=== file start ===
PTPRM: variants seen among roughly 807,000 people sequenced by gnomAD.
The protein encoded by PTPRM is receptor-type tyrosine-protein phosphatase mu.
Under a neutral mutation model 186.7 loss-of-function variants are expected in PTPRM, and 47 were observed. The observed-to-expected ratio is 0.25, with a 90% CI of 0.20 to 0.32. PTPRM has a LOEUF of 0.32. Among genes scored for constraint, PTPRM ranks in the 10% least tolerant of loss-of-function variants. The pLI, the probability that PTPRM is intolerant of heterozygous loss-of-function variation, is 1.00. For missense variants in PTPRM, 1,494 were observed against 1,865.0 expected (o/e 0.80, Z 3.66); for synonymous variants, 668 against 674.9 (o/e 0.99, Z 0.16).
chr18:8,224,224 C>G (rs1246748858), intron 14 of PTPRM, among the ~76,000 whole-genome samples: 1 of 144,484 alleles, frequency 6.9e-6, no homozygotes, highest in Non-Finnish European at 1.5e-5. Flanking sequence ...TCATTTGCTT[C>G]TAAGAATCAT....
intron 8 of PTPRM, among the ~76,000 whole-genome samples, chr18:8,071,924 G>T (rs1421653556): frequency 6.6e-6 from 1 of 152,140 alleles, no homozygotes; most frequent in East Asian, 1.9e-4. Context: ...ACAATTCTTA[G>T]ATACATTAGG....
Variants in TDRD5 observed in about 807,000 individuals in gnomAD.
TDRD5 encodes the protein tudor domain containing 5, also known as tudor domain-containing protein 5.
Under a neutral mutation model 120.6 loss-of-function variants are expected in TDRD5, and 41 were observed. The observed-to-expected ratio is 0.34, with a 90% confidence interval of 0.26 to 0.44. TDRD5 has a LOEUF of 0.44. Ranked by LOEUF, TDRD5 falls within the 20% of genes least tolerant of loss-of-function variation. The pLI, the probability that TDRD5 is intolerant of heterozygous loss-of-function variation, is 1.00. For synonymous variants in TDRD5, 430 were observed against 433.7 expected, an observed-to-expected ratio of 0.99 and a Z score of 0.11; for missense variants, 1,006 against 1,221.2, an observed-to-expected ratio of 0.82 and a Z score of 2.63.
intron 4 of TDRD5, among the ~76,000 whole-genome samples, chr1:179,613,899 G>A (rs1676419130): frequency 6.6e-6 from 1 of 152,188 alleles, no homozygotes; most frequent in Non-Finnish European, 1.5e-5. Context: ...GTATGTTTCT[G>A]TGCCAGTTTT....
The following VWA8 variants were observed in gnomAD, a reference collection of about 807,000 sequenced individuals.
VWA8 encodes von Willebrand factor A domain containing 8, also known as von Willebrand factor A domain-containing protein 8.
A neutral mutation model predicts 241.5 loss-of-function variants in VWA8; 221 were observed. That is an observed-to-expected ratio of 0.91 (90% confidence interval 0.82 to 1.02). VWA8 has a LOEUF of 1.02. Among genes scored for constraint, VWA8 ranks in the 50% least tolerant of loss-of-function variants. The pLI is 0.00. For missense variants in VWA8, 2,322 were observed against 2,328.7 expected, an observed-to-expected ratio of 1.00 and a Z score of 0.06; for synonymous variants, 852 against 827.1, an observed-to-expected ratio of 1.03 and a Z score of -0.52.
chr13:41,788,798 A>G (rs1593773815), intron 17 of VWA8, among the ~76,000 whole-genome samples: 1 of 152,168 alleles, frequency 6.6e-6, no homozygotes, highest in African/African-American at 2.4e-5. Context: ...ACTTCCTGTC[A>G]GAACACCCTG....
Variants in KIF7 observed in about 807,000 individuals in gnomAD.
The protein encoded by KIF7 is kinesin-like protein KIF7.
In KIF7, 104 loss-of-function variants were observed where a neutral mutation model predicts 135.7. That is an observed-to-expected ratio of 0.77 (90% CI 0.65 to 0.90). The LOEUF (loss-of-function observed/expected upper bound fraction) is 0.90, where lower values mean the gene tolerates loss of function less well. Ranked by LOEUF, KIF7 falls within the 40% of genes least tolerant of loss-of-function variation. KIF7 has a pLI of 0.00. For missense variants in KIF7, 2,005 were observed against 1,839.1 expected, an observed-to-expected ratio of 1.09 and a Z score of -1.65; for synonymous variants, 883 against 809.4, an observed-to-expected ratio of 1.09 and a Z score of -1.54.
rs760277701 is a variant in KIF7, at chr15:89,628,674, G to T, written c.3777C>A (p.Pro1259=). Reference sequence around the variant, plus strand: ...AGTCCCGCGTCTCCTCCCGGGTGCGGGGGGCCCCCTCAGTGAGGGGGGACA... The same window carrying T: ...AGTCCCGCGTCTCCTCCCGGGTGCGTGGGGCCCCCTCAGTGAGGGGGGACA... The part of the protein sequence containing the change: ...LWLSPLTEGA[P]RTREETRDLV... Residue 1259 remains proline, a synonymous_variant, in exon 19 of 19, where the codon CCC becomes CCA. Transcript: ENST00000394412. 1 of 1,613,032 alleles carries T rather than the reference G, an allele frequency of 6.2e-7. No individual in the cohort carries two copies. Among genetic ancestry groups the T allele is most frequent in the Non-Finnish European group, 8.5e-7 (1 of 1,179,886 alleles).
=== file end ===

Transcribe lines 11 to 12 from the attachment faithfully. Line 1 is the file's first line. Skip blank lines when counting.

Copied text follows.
VWA8 encodes von Willebrand factor A domain containing 8, also known as von Willebrand factor A domain-containing protein 8.
A neutral mutation model predicts 241.5 loss-of-function variants in VWA8; 221 were observed. That is an observed-to-expected ratio of 0.91 (90% confidence interval 0.82 to 1.02). VWA8 has a LOEUF of 1.02. Among genes scored for constraint, VWA8 ranks in the 50% least tolerant of loss-of-function variants. The pLI is 0.00. For missense variants in VWA8, 2,322 were observed against 2,328.7 expected, an observed-to-expected ratio of 1.00 and a Z score of 0.06; for synonymous variants, 852 against 827.1, an observed-to-expected ratio of 1.03 and a Z score of -0.52.